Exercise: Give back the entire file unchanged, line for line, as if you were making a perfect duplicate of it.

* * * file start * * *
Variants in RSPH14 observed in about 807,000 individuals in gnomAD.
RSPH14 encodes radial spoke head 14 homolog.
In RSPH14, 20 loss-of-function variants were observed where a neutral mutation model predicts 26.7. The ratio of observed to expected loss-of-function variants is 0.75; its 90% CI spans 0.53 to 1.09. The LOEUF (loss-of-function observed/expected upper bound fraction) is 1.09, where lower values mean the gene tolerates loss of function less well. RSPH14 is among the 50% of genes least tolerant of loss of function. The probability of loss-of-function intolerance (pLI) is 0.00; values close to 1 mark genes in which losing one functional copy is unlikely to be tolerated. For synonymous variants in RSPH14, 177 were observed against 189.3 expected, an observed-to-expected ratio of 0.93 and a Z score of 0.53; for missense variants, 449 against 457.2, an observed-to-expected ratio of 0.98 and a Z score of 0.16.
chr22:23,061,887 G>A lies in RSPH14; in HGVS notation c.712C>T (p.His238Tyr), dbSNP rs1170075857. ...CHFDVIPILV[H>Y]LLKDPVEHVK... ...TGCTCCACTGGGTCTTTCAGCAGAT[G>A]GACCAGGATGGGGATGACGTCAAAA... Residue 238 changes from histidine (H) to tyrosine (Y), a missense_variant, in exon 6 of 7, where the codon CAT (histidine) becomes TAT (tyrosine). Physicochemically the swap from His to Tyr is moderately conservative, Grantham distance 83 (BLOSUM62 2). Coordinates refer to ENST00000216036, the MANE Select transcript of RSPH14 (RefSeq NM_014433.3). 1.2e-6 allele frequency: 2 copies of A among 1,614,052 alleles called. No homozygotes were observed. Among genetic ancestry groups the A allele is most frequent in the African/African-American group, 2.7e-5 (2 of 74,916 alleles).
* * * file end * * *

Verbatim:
Variants in RSPH14 observed in about 807,000 individuals in gnomAD.
RSPH14 encodes radial spoke head 14 homolog.
In RSPH14, 20 loss-of-function variants were observed where a neutral mutation model predicts 26.7. The ratio of observed to expected loss-of-function variants is 0.75; its 90% CI spans 0.53 to 1.09. The LOEUF (loss-of-function observed/expected upper bound fraction) is 1.09, where lower values mean the gene tolerates loss of function less well. RSPH14 is among the 50% of genes least tolerant of loss of function. The probability of loss-of-function intolerance (pLI) is 0.00; values close to 1 mark genes in which losing one functional copy is unlikely to be tolerated. For synonymous variants in RSPH14, 177 were observed against 189.3 expected, an observed-to-expected ratio of 0.93 and a Z score of 0.53; for missense variants, 449 against 457.2, an observed-to-expected ratio of 0.98 and a Z score of 0.16.
chr22:23,061,887 G>A lies in RSPH14; in HGVS notation c.712C>T (p.His238Tyr), dbSNP rs1170075857. ...CHFDVIPILV[H>Y]LLKDPVEHVK... ...TGCTCCACTGGGTCTTTCAGCAGAT[G>A]GACCAGGATGGGGATGACGTCAAAA... Residue 238 changes from histidine (H) to tyrosine (Y), a missense_variant, in exon 6 of 7, where the codon CAT (histidine) becomes TAT (tyrosine). Physicochemically the swap from His to Tyr is moderately conservative, Grantham distance 83 (BLOSUM62 2). Coordinates refer to ENST00000216036, the MANE Select transcript of RSPH14 (RefSeq NM_014433.3). 1.2e-6 allele frequency: 2 copies of A among 1,614,052 alleles called. No homozygotes were observed. Among genetic ancestry groups the A allele is most frequent in the African/African-American group, 2.7e-5 (2 of 74,916 alleles).